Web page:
Most of its 60-some verses begin with the same “ANOKHI, I” and they are almost all celebrations of a female, feminine, and paradoxically all-inclusive  understanding of God:

I [Anokhi] am the first and the last    

I am what everyone can hear and no one can say

I am the name of the sound and the sound of the name

 I am she who is honored and she who is mocked

I am the whore and the holy woman    

 I am the wife and the virgin

 I am the mother and the daughter

 I am the limbs of my mother    

I am the sterile woman and she has many children

I am she whose wedding is extravagant and I didn’t have a husband

 I am the midwife and she who hasn’t given birth

 

I believe this text, like that in our officially accepted Torah, is an attempt to describe the Holy ONE Who became audible and visible in a transcendent moment at “Sinai.”  Its title evokes The Thunder that Torah says was seen, not only heard, at Sinai.  For the full text and the story of its recovery, see  <https://theshalomcenter.org/content/i-who-spoke-sinai-and-nag-hamadi>

5. In one of the Ten Utterances that come from Sinai, the Holy Voice  insists that we not “take My Name in emptiness.” I do not think that means never to say “Oh My God!” etc. I think it means to keep fully in mind that the Name YyyyHhhhWwwwHhhh is a Breath; that we should always be aware that  every breath we take is the Name of God; and that the Breathing of our Mother Earth is the Name of God. “Do not breathe empty-minded, empty-hearted!” says the Voice.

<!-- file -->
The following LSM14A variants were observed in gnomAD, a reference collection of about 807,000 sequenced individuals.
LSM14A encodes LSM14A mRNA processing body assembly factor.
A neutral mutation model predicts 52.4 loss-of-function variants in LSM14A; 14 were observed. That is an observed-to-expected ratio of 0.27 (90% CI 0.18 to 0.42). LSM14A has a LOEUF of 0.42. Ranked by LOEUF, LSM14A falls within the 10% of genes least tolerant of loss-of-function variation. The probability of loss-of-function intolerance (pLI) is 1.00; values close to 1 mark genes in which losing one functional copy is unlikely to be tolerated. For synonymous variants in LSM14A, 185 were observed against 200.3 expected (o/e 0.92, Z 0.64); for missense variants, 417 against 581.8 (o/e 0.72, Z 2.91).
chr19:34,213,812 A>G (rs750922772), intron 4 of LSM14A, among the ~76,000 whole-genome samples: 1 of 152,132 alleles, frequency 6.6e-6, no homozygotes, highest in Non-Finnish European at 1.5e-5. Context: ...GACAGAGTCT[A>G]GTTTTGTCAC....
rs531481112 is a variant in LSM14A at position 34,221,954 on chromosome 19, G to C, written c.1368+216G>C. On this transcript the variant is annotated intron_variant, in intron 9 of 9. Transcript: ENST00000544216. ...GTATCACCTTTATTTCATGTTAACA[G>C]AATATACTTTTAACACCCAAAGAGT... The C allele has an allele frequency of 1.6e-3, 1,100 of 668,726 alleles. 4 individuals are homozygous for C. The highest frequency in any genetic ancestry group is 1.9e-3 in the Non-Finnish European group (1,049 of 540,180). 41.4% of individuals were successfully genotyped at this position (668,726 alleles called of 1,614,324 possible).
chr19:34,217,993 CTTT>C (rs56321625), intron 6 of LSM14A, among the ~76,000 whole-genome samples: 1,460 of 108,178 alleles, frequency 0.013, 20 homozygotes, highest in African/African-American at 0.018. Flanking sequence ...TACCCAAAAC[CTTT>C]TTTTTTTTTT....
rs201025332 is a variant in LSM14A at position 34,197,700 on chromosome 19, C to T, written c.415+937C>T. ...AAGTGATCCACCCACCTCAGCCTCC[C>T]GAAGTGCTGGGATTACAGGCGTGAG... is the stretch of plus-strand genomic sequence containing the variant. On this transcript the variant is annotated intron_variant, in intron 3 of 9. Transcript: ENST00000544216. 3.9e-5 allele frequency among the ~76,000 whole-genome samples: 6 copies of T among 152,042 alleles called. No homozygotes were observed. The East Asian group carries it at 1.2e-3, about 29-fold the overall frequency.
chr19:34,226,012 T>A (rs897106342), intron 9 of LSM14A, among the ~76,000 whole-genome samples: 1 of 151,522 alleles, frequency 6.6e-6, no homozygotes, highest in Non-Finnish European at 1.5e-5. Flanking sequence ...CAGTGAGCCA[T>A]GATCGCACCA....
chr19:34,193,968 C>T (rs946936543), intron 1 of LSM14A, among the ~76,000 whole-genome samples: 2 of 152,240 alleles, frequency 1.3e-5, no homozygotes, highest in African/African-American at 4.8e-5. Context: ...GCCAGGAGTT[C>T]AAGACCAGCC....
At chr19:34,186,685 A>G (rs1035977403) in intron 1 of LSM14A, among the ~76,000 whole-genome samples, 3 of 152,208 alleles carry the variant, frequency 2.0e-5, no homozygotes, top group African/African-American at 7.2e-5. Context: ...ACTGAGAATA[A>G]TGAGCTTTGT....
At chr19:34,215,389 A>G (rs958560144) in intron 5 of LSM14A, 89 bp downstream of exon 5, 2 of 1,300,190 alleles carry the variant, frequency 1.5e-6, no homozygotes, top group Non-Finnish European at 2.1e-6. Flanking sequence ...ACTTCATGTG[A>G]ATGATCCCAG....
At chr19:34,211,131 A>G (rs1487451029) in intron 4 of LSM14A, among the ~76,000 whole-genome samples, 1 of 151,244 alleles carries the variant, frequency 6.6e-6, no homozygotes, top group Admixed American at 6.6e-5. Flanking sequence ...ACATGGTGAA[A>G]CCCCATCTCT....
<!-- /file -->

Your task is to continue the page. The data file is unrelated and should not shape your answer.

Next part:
Make a Shavuot practice of following your breath as it enters your body, is carried by your blood to every limb and organ, then leaves as you breathe out the CO2 to enter a tree, a field of grass -- and there to be transmuted into oxygen and breathed out, for us to breathe in. As you breathe, let your breath carry these words: "We breathe in what the trees breathe out, the trees breathe in what we breathe out."

6. Another of the Ten Utterances tells us, “Do not carve out false gods and worship them!”

I do not think this means only that we must not carve out and worship physical statues of stone or wood or metal.